Maybe it’s all just a joke.

This past week has put me in a cynical mood, but has also made me wonder: how many of our “long-held beliefs” might have originally been intended to be…. well, bullshit?

Let me start at the beginning.

People have a difficult time with satire. I experience this first-hand, since a lot of my online humor is satire. For example, just this past week I received a long lecture in response to my NO SAME-HEIGHT MARRIAGE article, explaining that I am crazy and just down-right mean to be against relationships between people of the same height. To me, the article is very clearly a direct parody of all of the arguments against same-sex marriage…. but apparently that intent was not clear to this reader.

I also feel bad for the poor actors who appear in the satirical videos that I make.  My buddy Josiah played a kind of conservative “gun nut” in a parody video called My rights as a gun owner, and now people are Googling “Josiah Jennings conservative” to try to figure out what his political orientation is.  My buddy Gary played a gay Republican in a parody video called You CAN be a gay Republican!, and people are leaving comments implying that he’s racist.  What I find striking is, to my mind these videos are very clearly satire!

But apparently not to everyone.

Somebody left a comment on one of the videos saying that if I were “better at satire” then people would be able to tell. Although I appreciate the attempt at constructive criticism, I’m not sure that I agree. I’ve always enjoyed the kind of satire that is limnal…. where you can’t be totally sure whether it’s serious or not.  And yes, I’ll admit that I have that elitist part of me that thinks: Well, the smart people will get it!  Surely, they will…. they must!

But that very same elitist part of me also acknowledges: most people are not that smart.

Thus, I deal with the comments. C’est la vie.



But then, that makes me wonder this: human beings have probably always had a sense of humor. We know for a fact that dry, satirical humor dates back at least to the Greeks… but I think it’s underestimating our ancestors to assume that it stops there. I’ll bet that even our Paleolithic cousins wandering in the grasslands could conjure up some wit when it suited them.

Although I assume that then, just as now, many of the stupider ones didn’t “get it”.

And when ancient texts are written in foreign tongues, and very serious historians only uncover and translate documents hundreds of years later, do we assume that those historians would be able to tell, all the time, whether the writing was satire or not?

I mean, if my own peers, contemporary Americans, can’t tell that “NO SAME-HEIGHT MARRIAGE!!!” is satire, then it seems almost inevitable that historians coming across, say, ancient Greek or ancient Aramaic satire might miss the joke completely.

Which makes me wonder…. what old texts out there, which have up to this point taken very, very seriously… might have actually been meant as completely and utter larks?



“I’m so sick of these traveling merchants making up bullshit about the fantastic foreign lands they’ve supposedly visited,” Plato thought to himself, “I’m going to write a book making fun of them.  I’ll be all: OMG guys, there was this whole land where the streets were gold and everything was awesome! But you can’t go and find it now, because it sank into the sea!  That would be pretty funny.  And hey, I’m sure everyone will realize that I’m poking fun at the exaggerate tales people come up with. After all, I’ll just make it so outlandish that nobody could ever think I was being serious!!!”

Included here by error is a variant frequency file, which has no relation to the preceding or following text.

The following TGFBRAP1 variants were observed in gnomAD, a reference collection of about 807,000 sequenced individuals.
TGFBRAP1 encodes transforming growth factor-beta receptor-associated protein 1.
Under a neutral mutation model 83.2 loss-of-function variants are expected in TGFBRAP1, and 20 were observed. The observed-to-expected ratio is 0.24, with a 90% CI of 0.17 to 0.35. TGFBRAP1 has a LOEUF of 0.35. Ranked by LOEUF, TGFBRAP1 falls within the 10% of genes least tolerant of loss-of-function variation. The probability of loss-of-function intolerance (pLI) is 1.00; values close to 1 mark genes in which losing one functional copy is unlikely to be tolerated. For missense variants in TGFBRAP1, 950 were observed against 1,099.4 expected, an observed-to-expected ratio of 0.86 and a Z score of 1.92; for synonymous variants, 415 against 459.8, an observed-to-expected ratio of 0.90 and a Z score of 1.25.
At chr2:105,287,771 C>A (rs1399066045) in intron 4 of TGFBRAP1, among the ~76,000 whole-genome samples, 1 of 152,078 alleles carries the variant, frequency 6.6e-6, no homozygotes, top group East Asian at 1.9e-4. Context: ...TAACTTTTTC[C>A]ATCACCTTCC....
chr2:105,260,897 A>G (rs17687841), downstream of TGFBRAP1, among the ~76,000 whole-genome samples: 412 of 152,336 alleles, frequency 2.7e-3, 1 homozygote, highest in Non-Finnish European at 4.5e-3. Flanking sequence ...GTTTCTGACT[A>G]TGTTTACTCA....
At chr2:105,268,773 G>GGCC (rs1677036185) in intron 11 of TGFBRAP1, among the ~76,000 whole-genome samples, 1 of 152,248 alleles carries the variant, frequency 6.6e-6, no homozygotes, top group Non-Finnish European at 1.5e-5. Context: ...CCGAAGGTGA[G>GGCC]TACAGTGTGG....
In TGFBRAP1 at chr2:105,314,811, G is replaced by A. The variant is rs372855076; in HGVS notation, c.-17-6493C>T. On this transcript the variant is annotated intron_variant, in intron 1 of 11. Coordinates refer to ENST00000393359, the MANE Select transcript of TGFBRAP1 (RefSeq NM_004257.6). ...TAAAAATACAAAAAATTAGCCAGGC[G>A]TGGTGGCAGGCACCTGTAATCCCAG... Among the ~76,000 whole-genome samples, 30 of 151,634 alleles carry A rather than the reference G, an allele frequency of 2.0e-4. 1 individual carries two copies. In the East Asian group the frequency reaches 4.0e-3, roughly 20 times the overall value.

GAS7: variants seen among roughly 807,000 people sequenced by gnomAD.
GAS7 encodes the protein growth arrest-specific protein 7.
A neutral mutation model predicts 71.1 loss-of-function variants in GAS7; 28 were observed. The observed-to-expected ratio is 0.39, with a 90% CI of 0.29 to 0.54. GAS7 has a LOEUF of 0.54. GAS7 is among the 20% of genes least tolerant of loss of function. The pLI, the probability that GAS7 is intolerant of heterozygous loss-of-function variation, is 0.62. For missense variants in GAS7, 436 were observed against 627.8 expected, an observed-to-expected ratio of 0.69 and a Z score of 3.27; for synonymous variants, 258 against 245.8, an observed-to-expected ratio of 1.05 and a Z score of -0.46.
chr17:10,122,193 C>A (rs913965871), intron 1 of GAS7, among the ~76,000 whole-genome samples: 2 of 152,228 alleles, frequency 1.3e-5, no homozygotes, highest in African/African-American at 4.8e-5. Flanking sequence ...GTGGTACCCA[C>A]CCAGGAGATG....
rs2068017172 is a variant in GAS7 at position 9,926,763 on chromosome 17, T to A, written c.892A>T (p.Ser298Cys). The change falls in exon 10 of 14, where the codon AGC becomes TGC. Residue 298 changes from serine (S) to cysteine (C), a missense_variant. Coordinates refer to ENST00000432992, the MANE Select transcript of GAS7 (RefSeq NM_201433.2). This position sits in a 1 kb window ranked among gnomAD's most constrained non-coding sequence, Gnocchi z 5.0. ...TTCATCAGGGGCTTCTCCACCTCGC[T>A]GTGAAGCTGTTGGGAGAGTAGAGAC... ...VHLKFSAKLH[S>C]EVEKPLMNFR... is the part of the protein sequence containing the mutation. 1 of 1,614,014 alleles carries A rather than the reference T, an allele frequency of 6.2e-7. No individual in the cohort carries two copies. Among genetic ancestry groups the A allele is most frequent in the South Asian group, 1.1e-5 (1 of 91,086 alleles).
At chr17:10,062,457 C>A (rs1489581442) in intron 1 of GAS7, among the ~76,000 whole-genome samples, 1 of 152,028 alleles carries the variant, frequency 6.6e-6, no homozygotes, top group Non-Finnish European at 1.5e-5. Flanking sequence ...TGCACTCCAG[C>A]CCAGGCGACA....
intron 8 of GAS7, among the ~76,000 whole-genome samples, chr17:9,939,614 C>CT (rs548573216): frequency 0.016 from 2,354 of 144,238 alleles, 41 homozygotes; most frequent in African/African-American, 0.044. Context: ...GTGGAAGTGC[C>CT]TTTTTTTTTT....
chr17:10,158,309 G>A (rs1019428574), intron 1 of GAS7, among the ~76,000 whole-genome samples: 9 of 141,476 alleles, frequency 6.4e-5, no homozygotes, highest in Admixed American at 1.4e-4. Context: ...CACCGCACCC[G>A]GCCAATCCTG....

“Hey, listen up! This is gonna be hilarious!” Moses said, “You know that Egyptian myth about how the world began? It’s so stupid…. so I has this great idea. For a little comedy, I’m just going to write a parody of that. Yeah, I’ll include all kinds of bullshit, like talking animals and the world being created in just a few days.  But, I’ll make it sound all serious-like. It’s gonna be a total riot.”


When it comes right down to it, we just don’t know.

And with the track record that people today have of not recognizing satire… how much faith can we really have that we’d know ancient satire when we looked at it?

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  1. David says:

    I seriously wonder if this s the case in Romans 13:1-7. As someone who was persecuted by the authorities of his day, who led an underground movement to which he gave lofty and ethereal descriptions of a better world, Paul seems unlikely to have seriously been defending the righteous authority of those who “bear the sword.” The sword was continuously placed at his own neck, after all.

    Not to get into a rabbit trail about that particular section of Christian scripture, just that it came to mind while reading this post. I was perplexed reading Romans 13 until I thought, “He must be kidding–oh wait…maybe he IS.”

    As you said, there’s no way to know, but based on many persons’ inability to perceive satire in our own day, I can’t imagine what major ideas we have gotten very wrong.

Pings to this post

  1. […] isn’t the first time I’ve entertained myself with this type of thought. I wrote Maybe it’s all just a joke last year, speculating that maybe Plato made up “Atlantis” as fiction and just assumed […]

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